A B-Boy Middle Eastern break dancing competition was held at Dubai Mall.
No longer dancing in the dark
DUBAI // The B-Boys know they face a struggle to get their message across in the Arab world.
The break-dance movement is overtly western, with its baseball caps, oversized trousers and hip-hop beats. It also carries a darker association, of urban gangs and violence.
But now the push is on to bring public acceptance to street dancing in the region.
To that end, 11 "crews" gathered in Dubai Mall last night to compete for the right to represent the Middle East at the Braun Boty grand final in Montpellier, France next month.
Ibrahim Taha, 21, an architect student from Oman and a member of the SNK Revo crew, says suspicion of the movement is so high police often stop his team practising in parks.
"I love dancing and I want to take our dancing abroad, but there is no platform for this kind of dance here," Mr Taha said.
"Many people view our dance as useless. They see us as gangsters involved with drugs, a waste of time."
Alaa Samir, 23, says he and his Incredible Crew teammates have to wait until dark after the shops have closed, because there are so few places in Jordan that accept break dancing.
"We are here to represent Jordan but being a B-Boy is not easy in the Arab world," said Mr Samir, a graphic designer.
"We are looked at with suspicion, as youngsters who blindly copy western culture. But we are trying to merge cultures.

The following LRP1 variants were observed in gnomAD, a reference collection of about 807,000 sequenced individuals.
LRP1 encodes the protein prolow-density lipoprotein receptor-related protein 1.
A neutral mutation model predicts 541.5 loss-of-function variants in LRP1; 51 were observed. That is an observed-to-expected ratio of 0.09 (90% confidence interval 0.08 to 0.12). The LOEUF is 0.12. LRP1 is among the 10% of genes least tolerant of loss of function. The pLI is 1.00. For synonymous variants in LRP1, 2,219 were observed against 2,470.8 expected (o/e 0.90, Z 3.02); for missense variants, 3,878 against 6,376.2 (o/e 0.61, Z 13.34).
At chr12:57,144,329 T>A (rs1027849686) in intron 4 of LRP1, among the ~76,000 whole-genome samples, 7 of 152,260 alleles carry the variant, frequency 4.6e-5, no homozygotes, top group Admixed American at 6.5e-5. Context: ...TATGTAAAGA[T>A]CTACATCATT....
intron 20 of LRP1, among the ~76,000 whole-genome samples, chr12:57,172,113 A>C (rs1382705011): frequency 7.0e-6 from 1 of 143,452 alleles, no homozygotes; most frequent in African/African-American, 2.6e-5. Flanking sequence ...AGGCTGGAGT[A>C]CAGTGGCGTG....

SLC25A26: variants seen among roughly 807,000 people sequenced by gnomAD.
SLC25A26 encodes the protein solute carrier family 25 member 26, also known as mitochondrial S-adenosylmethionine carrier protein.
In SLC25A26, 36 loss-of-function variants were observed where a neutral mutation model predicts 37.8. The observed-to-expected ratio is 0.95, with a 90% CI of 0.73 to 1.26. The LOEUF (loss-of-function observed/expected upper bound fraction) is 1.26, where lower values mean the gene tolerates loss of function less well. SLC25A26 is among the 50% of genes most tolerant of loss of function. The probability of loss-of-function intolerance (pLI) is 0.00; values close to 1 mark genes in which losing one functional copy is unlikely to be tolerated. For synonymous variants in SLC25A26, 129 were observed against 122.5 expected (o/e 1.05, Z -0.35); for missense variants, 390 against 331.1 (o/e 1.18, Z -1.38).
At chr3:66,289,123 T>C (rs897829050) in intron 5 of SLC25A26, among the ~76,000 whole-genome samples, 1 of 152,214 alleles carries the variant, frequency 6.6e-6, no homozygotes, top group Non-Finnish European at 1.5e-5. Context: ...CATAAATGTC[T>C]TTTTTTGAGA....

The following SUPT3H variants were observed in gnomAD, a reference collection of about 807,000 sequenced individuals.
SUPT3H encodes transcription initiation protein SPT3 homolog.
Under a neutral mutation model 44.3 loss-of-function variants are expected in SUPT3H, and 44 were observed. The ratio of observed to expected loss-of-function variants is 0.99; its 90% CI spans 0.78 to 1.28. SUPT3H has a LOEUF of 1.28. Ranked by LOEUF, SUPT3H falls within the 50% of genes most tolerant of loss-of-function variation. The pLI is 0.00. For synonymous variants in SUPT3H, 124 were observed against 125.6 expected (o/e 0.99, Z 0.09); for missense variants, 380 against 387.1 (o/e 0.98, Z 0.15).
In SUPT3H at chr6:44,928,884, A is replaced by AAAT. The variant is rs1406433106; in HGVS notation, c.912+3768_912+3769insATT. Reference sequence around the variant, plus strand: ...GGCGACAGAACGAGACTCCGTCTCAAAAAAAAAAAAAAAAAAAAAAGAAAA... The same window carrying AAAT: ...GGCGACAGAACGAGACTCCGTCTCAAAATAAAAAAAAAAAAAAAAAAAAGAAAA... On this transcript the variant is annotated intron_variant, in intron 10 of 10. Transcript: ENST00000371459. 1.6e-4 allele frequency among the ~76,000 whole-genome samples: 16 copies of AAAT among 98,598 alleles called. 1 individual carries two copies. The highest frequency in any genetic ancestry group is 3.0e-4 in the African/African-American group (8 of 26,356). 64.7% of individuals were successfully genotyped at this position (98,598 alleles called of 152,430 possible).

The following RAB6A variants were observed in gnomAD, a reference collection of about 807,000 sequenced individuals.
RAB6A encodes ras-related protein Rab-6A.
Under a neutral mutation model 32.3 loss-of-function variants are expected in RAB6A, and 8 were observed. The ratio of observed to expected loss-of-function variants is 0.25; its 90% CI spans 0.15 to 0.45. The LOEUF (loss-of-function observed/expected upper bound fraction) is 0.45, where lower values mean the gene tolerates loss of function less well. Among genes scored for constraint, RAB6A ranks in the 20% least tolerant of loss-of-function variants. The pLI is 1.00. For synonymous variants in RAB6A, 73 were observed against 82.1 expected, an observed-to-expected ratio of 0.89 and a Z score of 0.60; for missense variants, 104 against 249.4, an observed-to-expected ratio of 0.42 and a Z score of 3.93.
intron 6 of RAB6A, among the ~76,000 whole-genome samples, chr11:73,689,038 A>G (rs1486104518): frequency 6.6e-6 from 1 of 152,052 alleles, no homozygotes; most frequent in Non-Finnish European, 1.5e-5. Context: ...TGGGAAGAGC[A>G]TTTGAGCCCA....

"We hope that through winning this competition to present our culture to the others in France."
B-Boying has its origins in the 1970s streets of New York. It was one of the main elements in the birth of hip-hop culture in the United States.
James De Valera, known as DJ Lobito, is one of the organisers of last night's Braun Boty battle, which was won by the UAE team Over Boys.
Mr De Valera says the movement is even slower to gain acceptance in the UAE than the rest of the region, and suggests the rapid development of the Emirates may have played some part in that.
"In the UAE, the dancing is more limited than other places in the region such as Oman, Iran and Kuwait, maybe because there are so many events and opportunities it has not developed from the grass roots, while in these other countries the youth are pushing harder. The censorship in these [other] countries is making them rise up.
"We want to help raise the culture here and we wanted to do it in Dubai Mall to expose ordinary people to the culture."
Exposed they were. The pumping beats drew crowds to the stage while the crews practised their moves before the start of competition.
Some stayed just for seconds to see what was happening; others stayed to watch the dance-off.
The crews took to the stage with routines including handstands, head-spinning and "body popping" to impress the three judges, Swift Rock, Ronnie and Neeko.
There was an audience watching from the balconies of all the mall's levels and, as the competition became fiercer with a dance-off, cheers and whistling filled the Atrium.
Middle East B-Boys are given precious little encouragement, so it may have been fortunate the words of a passer-by, Mohammed Obaid, went unheard.
The 33-year-old Emirati businessman stopped for a few moments to watch what was going on and was not terribly impressed.
"This is useless, what's the point of this?" Mr Obaid said.
"It is neither art or sport," he commented. "It is not bad but it does not benefit anyone."
The UAE crew will represent the Middle East at the Braun Boty grand finale in France on November 19 and 20.